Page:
Safe and Sound

Capitol National Bank

Lansing, MI
3
Star Rating
Lansing, MI-based Capitol National Bank is an FDIC-insured bank started in 1982. As of December 31, 2017, the bank had equity of $13.8 million on $115.0 million in assets.

Thanks to the work of 30 full-time employees in 3 offices in MI, the bank holds loans and leases worth $87.6 million, including $70.0 million worth of real estate loans. The bank currently holds $101.0 million in deposits from U.S. customers.

Overall, Bankrate believes that, as of December 31, 2017, Capitol National Bank exhibited a generally satisfactory condition, earning 3 out of 5 stars for safety and soundness. Here's a breakdown of how the bank fared on the three important criteria Bankrate used to score American banks.

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THE INSTITUTION'S SCORE

Capital Score

Capital acts as a cushion against losses and as protection for account holders when a bank is struggling financially. Therefore, a bank's level of capital is a key measurement of an institution's financial resilience. When looking at safety and soundness, more capital is better.

On our test to measure capital adequacy, Capitol National Bank racked up 14 out of a possible 30 points, exceeding the national average of 13.13.

One way to measure this buffer is looking at a bank's Tier 1 capital ratio. Capitol National Bank's Tier 1 capital ratio was 15.49 percent, exceeding the 6 percent level considered adequate by regulators, but less than the national average of 25.65 percent. A higher capital ratio suggests the bank will be better able to stand up to economic difficulties.

Overall, Capitol National Bank held equity amounting to 12.03 percent of its assets, which was equal to the national average of 12.03 percent.

Asset Quality Score

This test's purpose is to try to understand how the bank's reserves set aside to cover loan losses, as well as overall capitalization, could be affected by problem assets, such as past-due loans.

A bank with a large number of these types of assets could eventually have to use capital to absorb losses, reducing its buffer of equity. It also means that there are likely to be many assets that are in non-accrual status and no longer earning money, resulting in depressed earnings and potentially more risk of a future failure.

Capitol National Bank fell short of the national average of 37.49 on Bankrate's test of asset quality, racking up 36 out of a possible 40 points .

A handy indicator of asset quality is the percentage of problem assets a bank holds compared to its total assets. As of December 31, 2017, 2.17 percent of Capitol National Bank's loans were noncurrent, meaning they were more than 90 days past due or were in non-accrual status. That's above the national average of 1.01 percent.

Banks keep a reserve known as an "allowance for loan and lease losses" to deal with troubled assets . The size of that reserve can be a useful indicator when evaluating a bank's ability to manage problem assets, especially when compared to the total amount of problematic loans. Unfortunately, the FDIC did not provide information on Capitol National Bank's loan loss allowance in its most recent filings.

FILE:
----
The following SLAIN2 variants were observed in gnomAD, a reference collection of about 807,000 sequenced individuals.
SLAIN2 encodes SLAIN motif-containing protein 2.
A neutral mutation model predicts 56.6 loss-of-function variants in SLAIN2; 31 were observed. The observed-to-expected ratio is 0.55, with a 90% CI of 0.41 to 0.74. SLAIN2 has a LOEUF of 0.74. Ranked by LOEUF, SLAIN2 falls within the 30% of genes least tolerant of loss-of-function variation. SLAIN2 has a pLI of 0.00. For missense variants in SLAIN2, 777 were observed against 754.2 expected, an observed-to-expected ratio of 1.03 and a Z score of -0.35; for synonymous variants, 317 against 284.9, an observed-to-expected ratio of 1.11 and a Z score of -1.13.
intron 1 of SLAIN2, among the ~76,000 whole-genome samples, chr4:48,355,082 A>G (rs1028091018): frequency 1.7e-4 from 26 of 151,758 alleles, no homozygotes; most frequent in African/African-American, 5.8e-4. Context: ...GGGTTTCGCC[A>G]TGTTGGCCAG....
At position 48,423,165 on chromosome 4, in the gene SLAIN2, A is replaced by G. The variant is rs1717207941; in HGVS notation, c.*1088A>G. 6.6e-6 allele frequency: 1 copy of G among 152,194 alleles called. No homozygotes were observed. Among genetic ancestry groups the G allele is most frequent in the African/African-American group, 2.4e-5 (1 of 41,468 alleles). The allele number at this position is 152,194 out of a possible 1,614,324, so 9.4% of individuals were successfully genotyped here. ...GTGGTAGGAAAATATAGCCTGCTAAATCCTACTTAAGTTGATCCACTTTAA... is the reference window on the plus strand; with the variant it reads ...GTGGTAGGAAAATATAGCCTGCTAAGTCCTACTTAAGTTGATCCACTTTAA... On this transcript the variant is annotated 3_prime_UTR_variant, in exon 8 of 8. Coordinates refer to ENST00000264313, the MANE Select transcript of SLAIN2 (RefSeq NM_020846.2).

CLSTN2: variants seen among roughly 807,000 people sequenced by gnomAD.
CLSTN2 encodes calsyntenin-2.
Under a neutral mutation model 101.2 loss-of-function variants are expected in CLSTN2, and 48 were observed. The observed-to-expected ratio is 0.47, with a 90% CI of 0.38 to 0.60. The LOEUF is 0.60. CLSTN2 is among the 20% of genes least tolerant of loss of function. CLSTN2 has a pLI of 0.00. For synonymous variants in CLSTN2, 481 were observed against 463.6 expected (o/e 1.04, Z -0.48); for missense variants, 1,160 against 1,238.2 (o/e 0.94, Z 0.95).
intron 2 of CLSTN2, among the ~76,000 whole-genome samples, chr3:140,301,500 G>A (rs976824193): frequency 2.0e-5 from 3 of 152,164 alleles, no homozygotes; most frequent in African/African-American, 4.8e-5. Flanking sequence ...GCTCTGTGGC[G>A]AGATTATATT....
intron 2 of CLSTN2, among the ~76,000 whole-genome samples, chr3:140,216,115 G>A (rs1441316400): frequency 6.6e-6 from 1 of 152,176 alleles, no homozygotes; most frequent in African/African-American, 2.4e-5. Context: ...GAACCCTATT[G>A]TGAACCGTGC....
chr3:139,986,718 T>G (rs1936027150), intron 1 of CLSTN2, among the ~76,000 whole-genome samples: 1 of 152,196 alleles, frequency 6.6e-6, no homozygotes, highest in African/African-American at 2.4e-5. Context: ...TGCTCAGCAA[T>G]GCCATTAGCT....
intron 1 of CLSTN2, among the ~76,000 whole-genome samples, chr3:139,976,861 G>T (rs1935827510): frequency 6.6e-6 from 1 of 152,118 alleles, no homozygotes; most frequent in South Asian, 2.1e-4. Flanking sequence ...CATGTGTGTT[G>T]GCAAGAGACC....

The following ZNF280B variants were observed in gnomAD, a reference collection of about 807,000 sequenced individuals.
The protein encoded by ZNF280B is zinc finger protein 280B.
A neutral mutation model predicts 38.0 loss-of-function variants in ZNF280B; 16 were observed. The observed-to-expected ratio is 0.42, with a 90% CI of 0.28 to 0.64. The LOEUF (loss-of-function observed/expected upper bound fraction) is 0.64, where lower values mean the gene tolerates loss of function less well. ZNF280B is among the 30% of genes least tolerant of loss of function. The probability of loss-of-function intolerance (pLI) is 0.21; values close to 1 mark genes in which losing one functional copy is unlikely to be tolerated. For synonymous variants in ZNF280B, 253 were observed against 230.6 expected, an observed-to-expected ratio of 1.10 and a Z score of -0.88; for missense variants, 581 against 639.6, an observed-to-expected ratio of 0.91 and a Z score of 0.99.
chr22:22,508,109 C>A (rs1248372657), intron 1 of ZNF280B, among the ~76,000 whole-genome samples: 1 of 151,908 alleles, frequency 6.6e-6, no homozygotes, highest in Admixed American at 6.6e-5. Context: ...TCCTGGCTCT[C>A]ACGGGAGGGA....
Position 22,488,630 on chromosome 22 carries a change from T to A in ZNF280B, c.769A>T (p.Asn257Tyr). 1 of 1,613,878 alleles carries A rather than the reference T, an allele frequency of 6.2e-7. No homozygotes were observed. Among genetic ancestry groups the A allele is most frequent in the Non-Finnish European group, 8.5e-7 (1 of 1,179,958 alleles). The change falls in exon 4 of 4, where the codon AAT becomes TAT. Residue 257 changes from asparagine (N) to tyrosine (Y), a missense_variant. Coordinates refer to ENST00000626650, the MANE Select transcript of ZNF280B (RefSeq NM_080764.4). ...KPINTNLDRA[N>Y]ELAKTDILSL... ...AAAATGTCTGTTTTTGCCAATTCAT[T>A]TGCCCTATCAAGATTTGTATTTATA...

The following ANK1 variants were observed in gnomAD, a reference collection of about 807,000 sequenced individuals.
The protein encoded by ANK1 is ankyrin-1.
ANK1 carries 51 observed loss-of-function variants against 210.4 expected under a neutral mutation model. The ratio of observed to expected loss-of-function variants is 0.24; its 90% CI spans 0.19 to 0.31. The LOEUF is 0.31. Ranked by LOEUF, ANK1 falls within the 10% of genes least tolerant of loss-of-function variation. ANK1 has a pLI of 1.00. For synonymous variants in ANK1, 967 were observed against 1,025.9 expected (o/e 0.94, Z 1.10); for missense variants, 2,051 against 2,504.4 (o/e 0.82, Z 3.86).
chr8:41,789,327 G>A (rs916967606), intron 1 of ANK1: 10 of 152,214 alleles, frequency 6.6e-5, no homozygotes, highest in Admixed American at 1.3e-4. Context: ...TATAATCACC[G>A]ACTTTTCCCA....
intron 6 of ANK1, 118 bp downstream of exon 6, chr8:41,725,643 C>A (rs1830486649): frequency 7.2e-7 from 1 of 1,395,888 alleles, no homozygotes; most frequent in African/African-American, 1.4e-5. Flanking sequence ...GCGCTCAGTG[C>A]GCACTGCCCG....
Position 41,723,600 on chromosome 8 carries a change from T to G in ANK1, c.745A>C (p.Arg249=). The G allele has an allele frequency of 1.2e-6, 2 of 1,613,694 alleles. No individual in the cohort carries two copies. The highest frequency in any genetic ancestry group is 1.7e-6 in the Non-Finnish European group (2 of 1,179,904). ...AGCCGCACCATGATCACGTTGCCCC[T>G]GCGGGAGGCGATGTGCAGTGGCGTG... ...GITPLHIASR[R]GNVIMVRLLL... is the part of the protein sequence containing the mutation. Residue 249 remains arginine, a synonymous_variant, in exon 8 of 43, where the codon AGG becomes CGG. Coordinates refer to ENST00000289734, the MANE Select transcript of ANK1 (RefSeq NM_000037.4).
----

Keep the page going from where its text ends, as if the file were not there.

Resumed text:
Earnings score

How profitable a bank is has an effect on its safety and soundness. A bank can retain its earnings, giving a boost to its capital buffer, or use them to deal with problematic loans, likely making the bank better prepared to withstand financial trouble. Losses, on the other hand, diminish a bank's ability to do those things.

Capitol National Bank fell short of the national average on Bankrate's earnings test, achieving a score of 0 out of a possible 30.

Return on equity, calculated by dividing net income (essentially, profit) by total equity, is one widely used measure of a bank's earnings. Capitol National Bank's most recent annualized quarterly return on equity was -3.06 percent, below the national average of 8.10 percent.

For the twelve months ended December 31, 2017, the bank earned net income of $-439,000 on total equity of $13.8 million. The bank reported an annualized return on average assets, or ROA, of -0.37 percent, below the 1 percent deemed satisfactory in accordance with industry standards and below the average for U.S. banks of 1.00 percent.

WHAT IS SAFE & SOUND?

Bankrate.com's Safe & Sound Ratings provide a star rating system to evaluate the current financial status of financial institutions. The information gathered about banks, credit unions and thrifts is updated as set forth in the Terms of Use of Safe & Sound Ratings and Reports. The Safe & Sound Ratings information is grouped by categories of banks, thrifts and credit unions.

Scoring methodology

Bankrate.com evaluates the financial condition of institutions and assigns a one- to five-star rating for each with five stars representing the highest rating. Institutions with satisfactory performance will generally receive a rating of three or more stars. The majority of institutions fall into the three- to four-star range. An institution with an "NR" rating may be too new to rate or may have limited the publicly available information in their regulatory filings. The "NR" is not an indication of financial strength or weakness. The Safe & Sound rating is believed to be reliable, but the information is not guaranteed. In addition, events since the information was collected may have altered the institution's financial condition.